Piloting the development of Healthy&Sustainable Food lessons for primary school
This pilot project aims to participatory develop a set of 9 lessons for cycle 2 primary school combining both health and sustainable food learning objectives.
- Lead school School of Agricultural, Forest and Food Sciences
- Additional schools School of Health Professions
- Institute Consumer-focused Food Production
- Funding organisation BFH
- Duration (planned) 01.11.2022 - 31.01.2024
- Project management Charlotte Bourcet
- Head of project Charlotte Bourcet
Dr. Joyce Haddad
- Partner Berner Fachhochschule BFH
- Keywords Food, education, health, sustainability, primary school
In Switzerland, health costs due to unbalanced diets reach eight billion francs a year and food consumption is responsible for one third of the average Swiss consumption related environmental impact. Eating habits are established in childhood and mostly kept throughout adulthood. Therefore, children are the most important target group to induce a change in food consumption behavior. However, time allocated to food education in the Swiss primary school is practically inexistent and Swiss nutrition promotion for children aged 4 to 18 years old is at its infancy.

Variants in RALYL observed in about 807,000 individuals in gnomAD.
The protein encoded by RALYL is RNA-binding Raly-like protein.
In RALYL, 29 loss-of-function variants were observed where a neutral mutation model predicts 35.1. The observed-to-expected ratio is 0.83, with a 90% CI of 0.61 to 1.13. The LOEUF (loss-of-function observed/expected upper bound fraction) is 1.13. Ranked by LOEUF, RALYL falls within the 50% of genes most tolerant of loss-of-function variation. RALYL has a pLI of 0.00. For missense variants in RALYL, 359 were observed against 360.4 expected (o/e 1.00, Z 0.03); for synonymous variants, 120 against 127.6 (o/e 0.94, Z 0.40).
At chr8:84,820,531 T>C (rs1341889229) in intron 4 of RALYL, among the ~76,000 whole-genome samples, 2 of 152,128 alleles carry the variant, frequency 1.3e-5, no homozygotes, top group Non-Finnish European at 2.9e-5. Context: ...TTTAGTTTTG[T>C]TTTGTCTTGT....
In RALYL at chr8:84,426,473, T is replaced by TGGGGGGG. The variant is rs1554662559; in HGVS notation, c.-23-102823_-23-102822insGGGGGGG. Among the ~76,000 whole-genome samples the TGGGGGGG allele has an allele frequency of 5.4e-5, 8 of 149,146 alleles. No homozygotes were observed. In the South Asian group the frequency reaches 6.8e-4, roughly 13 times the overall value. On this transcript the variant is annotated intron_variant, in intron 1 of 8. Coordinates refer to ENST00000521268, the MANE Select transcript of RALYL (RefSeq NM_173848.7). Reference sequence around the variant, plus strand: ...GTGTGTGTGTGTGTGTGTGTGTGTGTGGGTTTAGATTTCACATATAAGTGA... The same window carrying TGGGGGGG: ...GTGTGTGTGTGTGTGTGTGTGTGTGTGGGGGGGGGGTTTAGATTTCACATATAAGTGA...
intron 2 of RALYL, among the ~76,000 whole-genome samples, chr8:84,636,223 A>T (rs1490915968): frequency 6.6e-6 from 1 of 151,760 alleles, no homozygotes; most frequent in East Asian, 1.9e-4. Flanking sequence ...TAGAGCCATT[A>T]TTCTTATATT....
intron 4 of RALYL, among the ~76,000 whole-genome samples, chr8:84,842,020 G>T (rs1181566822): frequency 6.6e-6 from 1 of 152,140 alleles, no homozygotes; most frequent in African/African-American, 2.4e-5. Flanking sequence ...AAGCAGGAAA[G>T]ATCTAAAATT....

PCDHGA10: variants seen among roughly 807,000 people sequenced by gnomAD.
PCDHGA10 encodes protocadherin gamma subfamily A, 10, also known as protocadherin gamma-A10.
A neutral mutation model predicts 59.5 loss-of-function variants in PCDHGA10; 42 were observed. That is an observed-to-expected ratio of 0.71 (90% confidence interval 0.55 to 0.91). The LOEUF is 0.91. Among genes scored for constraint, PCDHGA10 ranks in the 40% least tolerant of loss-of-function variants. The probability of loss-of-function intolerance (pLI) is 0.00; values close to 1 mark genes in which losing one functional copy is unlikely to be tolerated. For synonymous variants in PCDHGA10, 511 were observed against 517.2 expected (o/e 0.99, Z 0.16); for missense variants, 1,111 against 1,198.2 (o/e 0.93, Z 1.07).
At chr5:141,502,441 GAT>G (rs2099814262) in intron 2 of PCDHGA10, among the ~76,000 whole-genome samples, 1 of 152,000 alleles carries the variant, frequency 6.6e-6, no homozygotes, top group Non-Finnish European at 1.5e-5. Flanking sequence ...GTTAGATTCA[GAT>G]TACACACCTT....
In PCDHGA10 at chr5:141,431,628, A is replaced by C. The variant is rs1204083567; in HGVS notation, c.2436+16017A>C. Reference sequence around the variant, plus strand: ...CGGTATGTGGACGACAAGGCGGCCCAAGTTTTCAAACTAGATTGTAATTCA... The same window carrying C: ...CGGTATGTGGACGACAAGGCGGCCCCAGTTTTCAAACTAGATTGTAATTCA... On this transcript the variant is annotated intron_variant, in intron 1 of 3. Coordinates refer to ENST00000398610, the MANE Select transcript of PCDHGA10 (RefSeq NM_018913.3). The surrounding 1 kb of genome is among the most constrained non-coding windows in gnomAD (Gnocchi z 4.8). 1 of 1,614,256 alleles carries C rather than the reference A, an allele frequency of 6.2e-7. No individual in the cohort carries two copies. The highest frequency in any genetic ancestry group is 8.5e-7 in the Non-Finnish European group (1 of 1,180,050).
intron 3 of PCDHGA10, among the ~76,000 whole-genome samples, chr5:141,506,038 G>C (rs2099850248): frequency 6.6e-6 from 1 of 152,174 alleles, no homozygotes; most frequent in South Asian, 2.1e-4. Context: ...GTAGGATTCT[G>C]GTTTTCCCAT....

Thanks to this first budget, we covered the first Work Package of the project UMAMI meaning: the interdisciplinary definition of UMAMI program framework. In a first step a workshop (31.01.23) with BFH scientists from the whole food value chain (e.g., agronomy, production, transformation, consume, economy, sustainability, and health) mapped the key concepts that children need to learn and understand to be able to make healthy and sustainable food choices. Based on those concepts and a literature review of existing food education programs, UMAMI competency framework was developed. Those competences were grouped into 8 themes (see snapshot below), covering the food system, and shaping the program. Additionally, 4 learning sequences were developed in this pilot phase together with 2 teachers from cycle 1 and 2 (food waste, food culture and pleasure, mindful eating, and food origin). Piloting the sequences development allowed the team to refine the transdisciplinary collaboration process and overcome barriers for an efficient collaboration (e.g., development of a glossary, a guideline, and a further teacher training).